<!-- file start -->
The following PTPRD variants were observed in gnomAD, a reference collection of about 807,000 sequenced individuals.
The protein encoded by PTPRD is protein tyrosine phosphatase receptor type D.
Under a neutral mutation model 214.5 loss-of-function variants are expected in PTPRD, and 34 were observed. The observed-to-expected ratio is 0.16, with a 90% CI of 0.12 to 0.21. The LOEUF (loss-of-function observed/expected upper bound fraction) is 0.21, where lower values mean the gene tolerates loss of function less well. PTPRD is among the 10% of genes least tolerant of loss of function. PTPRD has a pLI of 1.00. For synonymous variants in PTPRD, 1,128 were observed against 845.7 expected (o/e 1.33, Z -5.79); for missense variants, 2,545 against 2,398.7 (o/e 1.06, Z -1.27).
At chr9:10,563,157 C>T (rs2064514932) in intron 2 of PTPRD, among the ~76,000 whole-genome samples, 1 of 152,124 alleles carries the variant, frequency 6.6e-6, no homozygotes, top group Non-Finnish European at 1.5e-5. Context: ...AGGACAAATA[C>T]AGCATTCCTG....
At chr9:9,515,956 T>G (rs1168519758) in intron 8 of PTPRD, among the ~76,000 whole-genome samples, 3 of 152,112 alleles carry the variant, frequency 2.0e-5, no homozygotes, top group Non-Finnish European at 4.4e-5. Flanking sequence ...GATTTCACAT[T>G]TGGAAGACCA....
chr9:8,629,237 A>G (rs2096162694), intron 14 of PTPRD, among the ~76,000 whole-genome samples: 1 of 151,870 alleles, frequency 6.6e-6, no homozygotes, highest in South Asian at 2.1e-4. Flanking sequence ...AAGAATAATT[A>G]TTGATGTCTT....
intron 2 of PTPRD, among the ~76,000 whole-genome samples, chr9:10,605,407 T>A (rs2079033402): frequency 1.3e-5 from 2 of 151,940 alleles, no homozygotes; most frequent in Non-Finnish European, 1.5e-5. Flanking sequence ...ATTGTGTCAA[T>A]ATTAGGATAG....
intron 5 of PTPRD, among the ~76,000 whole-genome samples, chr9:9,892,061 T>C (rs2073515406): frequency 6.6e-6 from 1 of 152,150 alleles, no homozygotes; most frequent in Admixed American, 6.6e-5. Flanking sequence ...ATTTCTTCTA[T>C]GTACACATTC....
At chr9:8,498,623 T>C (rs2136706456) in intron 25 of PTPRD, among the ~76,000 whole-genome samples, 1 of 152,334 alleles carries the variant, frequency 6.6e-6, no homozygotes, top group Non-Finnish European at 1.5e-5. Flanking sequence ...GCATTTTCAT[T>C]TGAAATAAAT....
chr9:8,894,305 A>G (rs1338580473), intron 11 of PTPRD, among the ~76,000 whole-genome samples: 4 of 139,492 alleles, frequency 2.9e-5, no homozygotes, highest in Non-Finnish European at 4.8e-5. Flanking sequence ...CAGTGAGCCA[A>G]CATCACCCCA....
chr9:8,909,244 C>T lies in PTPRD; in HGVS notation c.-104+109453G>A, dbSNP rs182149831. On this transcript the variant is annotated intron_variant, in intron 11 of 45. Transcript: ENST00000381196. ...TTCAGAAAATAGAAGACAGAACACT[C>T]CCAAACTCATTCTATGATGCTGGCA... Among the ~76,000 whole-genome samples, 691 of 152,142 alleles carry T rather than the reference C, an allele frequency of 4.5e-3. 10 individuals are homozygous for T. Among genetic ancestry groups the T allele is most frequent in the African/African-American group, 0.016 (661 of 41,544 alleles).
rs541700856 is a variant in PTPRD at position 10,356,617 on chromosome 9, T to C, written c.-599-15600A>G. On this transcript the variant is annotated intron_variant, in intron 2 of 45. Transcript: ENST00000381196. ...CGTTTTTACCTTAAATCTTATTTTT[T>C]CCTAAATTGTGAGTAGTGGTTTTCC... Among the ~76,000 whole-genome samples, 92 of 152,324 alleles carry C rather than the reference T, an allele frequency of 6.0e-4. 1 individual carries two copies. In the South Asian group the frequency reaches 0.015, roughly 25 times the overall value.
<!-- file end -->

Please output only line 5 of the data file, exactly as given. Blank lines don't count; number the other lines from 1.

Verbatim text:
At chr9:9,515,956 T>G (rs1168519758) in intron 8 of PTPRD, among the ~76,000 whole-genome samples, 3 of 152,112 alleles carry the variant, frequency 2.0e-5, no homozygotes, top group Non-Finnish European at 4.4e-5. Flanking sequence ...GATTTCACAT[T>G]TGGAAGACCA....